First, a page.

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About This Multitrack
26-04-2012, 09:50 AM
Post: #1
About This Multitrack
You can find the multitrack files for this project in the 'Mixing Secrets' Free Multitrack Download Library.

Before posting a mix, please read The Three Commandments!
Please post your mix as a new thread, rather than as a reply to this sticky.

Here's some more project info you might find useful:
  • About The Raw Multitracks: As befits a multitrack showcasing a mic manufacturer's products, there's more multi-miking on this project than some, which makes it a good one for tonal experimentation.
    • The drum close-mic setup is pretty standard, featuring close mics for kick (in, out), snare (over, under) and two toms, except that you get two different overhead stereo pairs to play with.
    • Both the acoustic and electric guitar overdubs provide three mic choices.
    • There are recorded DI feeds for both the acoustic guitar overdub and the bass, and there's also a mic on the bass amp.
    • The piano was captured with close and distant spaced stereo mic pairs.
    • The lead vocal overdubs were captured with four different mics at once, and the female backing vocal with two.
    • In addition to these tracks, there are three scratch parts recorded during the initial tracking: lead vocal, backing vocal, and acoustic guitar DI.
    • For more information about the performers and some photos of the recording sessions, check out this page on the Telefunken site.
  • Challenges You're Likely To Face:
    • With so much multi-miking going on, phase/polarity issues can easily catch you out if you're not careful.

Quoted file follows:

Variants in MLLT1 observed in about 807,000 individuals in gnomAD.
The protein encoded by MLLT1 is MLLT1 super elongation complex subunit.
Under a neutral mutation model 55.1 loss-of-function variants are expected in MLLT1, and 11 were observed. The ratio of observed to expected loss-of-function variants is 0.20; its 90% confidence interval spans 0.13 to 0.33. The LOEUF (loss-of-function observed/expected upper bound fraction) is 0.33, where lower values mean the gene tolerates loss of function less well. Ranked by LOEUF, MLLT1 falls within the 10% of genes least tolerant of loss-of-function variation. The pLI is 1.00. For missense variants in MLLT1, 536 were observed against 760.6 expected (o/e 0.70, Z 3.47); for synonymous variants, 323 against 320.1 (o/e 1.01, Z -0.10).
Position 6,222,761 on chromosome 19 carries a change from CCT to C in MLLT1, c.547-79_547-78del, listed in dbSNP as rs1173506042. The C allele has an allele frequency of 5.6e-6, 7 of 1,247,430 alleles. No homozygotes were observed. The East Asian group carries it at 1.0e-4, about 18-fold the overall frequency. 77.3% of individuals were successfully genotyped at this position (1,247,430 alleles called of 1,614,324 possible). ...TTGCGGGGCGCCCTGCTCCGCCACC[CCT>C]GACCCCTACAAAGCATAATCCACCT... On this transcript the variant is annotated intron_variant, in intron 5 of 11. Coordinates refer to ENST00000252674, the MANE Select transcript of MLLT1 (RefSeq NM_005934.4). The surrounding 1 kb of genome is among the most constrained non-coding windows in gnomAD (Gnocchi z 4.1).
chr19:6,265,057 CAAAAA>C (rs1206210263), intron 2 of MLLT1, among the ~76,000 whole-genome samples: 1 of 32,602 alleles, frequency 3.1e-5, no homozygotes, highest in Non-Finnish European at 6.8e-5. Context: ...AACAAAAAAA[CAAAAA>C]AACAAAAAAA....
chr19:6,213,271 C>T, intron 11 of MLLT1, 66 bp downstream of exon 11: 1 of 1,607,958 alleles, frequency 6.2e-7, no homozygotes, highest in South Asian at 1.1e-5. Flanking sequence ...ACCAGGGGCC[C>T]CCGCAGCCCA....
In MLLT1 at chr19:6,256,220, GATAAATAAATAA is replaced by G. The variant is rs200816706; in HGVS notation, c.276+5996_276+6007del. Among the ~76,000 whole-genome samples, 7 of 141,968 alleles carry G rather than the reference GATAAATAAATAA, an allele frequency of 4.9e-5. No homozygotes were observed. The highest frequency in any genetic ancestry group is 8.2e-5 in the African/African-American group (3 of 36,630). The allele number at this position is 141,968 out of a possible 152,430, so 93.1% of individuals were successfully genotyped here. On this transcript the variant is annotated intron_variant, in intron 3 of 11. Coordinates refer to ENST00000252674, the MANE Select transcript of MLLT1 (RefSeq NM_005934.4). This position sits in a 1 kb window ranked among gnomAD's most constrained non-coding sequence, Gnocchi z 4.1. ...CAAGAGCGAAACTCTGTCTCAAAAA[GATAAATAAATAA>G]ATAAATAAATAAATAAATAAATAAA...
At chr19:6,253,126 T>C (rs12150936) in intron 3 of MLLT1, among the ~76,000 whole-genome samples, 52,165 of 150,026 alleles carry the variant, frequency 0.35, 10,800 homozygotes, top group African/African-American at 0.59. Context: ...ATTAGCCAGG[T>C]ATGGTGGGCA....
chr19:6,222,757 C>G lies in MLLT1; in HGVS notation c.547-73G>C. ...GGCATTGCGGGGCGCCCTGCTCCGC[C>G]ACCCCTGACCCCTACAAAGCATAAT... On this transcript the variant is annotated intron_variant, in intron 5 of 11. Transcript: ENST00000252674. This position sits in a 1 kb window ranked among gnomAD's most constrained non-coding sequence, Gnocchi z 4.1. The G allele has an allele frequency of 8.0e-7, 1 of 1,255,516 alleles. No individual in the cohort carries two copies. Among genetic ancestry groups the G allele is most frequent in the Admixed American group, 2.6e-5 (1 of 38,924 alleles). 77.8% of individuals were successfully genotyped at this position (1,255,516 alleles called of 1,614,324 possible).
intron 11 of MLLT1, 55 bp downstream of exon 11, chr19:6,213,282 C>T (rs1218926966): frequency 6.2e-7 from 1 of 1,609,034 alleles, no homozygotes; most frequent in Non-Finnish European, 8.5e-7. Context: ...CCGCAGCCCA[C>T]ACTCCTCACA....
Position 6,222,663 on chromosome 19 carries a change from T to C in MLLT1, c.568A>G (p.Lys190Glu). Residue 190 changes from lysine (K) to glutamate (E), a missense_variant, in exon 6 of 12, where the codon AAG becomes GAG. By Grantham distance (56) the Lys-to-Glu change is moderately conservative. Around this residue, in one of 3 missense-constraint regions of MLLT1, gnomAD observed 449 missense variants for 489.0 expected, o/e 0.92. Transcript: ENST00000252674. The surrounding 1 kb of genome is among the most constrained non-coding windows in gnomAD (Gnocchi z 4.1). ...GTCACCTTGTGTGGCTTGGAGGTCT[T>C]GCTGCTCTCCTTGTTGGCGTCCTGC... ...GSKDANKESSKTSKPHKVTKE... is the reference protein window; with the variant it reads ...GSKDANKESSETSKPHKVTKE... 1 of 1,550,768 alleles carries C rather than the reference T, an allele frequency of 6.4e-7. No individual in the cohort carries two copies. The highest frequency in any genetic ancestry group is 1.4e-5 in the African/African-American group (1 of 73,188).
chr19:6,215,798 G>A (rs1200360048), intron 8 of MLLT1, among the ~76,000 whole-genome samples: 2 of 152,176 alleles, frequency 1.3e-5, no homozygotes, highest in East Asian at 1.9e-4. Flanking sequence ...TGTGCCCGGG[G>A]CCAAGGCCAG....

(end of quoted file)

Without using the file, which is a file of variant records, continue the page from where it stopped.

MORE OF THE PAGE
• The close piano mic pair has some quite strong out-of-phase components, so you need to take care with mono compatibility if you pan them wide. The close mics also have quite a dull tonality overall, so may need some stiff EQ'ing if you fancy a clearer tone.
    • The snare top mic has caught quite a strong drum resonance that doesn't seem to fit the key of the song. Whether that's a problem is largely a question of taste, though...
    • Getting male and female vocals to sit in the same track can be a tricky thing, especially when they also sing together, as in this case. A little upper mid-range rasp in Andrew's voice may also prove difficult to balance, I suspect, especially if you happen to chose a vocal mic that emphasises it.
  • Some Mixing Tips: Although this isn't a mix I've attempted myself, here are some suggestions that come to mind:
    • Just because you've got all those mic signals available, that doesn't mean you have to use them all! For what it's worth, I reckon I'd probably only use a couple of the guitar mics in each case, and probably only a single vocal mic for each singer.
    • Experimenting with the piano close mics, I took about 5dB out at 300Hz and pulled the whole top half of the spectrum up by 6dB or so before they began to sound in the right ball-park for me tonally.
    • I'd be tempted to bring in the scratch acoustic DI (possibly reamped in some way) as a means of filling out the texture at selected moments, perhaps just for the choruses.
    • For Andrew's lead vocal, I think I'd probably put some EQ into the compressor side-chain to help rein in the touch of 'rasp' in his voice around 4-5kHz.

If you have any other general questions about this multitrack, just reply to this post and I'll see what I can do.

Mixing Secrets for the Small Studio | Recording Secrets for the Small Studio
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02-12-2012, 05:13 AM
Post: #2
Phase
In his track notes, Mike Senior points out there’s a lot of multi-miking in this session and that can cause phase problems when combining tracks. I listened for and measured phase among most of these combinations and recorded the results in the attached PDF. The quick summary is that I believe the recording engineer paid close attention to phase issues and most tracks can be used together with no problem. Here are the few potential issues I noticed: